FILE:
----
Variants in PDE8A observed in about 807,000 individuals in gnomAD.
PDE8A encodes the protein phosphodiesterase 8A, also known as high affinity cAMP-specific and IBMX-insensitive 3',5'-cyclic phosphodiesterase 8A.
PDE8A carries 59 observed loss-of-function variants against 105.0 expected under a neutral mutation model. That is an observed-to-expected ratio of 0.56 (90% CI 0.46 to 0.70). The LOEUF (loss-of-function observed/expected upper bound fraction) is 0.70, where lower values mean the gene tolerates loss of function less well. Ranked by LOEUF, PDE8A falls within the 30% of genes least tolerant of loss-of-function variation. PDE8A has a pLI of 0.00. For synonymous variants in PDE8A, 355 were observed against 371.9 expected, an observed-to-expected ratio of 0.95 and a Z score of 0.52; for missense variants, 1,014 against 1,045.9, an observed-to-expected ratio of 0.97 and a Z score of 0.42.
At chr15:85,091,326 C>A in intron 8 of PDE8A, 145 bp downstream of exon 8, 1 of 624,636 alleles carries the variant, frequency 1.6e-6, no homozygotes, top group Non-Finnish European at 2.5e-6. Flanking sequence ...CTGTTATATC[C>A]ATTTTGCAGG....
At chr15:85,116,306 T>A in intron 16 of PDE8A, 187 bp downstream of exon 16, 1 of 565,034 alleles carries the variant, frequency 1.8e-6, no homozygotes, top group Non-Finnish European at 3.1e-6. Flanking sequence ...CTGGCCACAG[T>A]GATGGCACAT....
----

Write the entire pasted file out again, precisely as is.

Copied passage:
Variants in PDE8A observed in about 807,000 individuals in gnomAD.
PDE8A encodes the protein phosphodiesterase 8A, also known as high affinity cAMP-specific and IBMX-insensitive 3',5'-cyclic phosphodiesterase 8A.
PDE8A carries 59 observed loss-of-function variants against 105.0 expected under a neutral mutation model. That is an observed-to-expected ratio of 0.56 (90% CI 0.46 to 0.70). The LOEUF (loss-of-function observed/expected upper bound fraction) is 0.70, where lower values mean the gene tolerates loss of function less well. Ranked by LOEUF, PDE8A falls within the 30% of genes least tolerant of loss-of-function variation. PDE8A has a pLI of 0.00. For synonymous variants in PDE8A, 355 were observed against 371.9 expected, an observed-to-expected ratio of 0.95 and a Z score of 0.52; for missense variants, 1,014 against 1,045.9, an observed-to-expected ratio of 0.97 and a Z score of 0.42.
At chr15:85,091,326 C>A in intron 8 of PDE8A, 145 bp downstream of exon 8, 1 of 624,636 alleles carries the variant, frequency 1.6e-6, no homozygotes, top group Non-Finnish European at 2.5e-6. Flanking sequence ...CTGTTATATC[C>A]ATTTTGCAGG....
At chr15:85,116,306 T>A in intron 16 of PDE8A, 187 bp downstream of exon 16, 1 of 565,034 alleles carries the variant, frequency 1.8e-6, no homozygotes, top group Non-Finnish European at 3.1e-6. Flanking sequence ...CTGGCCACAG[T>A]GATGGCACAT....